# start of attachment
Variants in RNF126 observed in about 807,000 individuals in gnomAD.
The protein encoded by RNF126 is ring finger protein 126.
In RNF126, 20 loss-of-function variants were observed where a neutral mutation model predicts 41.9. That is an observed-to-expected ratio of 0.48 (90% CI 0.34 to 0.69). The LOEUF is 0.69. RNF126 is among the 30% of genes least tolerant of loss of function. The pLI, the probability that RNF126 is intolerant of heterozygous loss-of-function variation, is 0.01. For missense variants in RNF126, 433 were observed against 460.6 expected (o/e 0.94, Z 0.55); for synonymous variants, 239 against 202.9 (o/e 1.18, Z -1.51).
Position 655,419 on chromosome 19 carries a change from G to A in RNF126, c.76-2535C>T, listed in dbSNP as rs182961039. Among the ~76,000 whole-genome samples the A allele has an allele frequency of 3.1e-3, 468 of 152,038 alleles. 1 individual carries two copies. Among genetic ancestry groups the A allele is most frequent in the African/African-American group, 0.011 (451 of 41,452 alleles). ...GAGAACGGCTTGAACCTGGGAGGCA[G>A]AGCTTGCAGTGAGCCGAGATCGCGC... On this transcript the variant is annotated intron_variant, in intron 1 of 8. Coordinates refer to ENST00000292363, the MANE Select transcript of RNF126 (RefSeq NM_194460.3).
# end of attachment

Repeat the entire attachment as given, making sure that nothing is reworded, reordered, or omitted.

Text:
Variants in RNF126 observed in about 807,000 individuals in gnomAD.
The protein encoded by RNF126 is ring finger protein 126.
In RNF126, 20 loss-of-function variants were observed where a neutral mutation model predicts 41.9. That is an observed-to-expected ratio of 0.48 (90% CI 0.34 to 0.69). The LOEUF is 0.69. RNF126 is among the 30% of genes least tolerant of loss of function. The pLI, the probability that RNF126 is intolerant of heterozygous loss-of-function variation, is 0.01. For missense variants in RNF126, 433 were observed against 460.6 expected (o/e 0.94, Z 0.55); for synonymous variants, 239 against 202.9 (o/e 1.18, Z -1.51).
Position 655,419 on chromosome 19 carries a change from G to A in RNF126, c.76-2535C>T, listed in dbSNP as rs182961039. Among the ~76,000 whole-genome samples the A allele has an allele frequency of 3.1e-3, 468 of 152,038 alleles. 1 individual carries two copies. Among genetic ancestry groups the A allele is most frequent in the African/African-American group, 0.011 (451 of 41,452 alleles). ...GAGAACGGCTTGAACCTGGGAGGCA[G>A]AGCTTGCAGTGAGCCGAGATCGCGC... On this transcript the variant is annotated intron_variant, in intron 1 of 8. Coordinates refer to ENST00000292363, the MANE Select transcript of RNF126 (RefSeq NM_194460.3).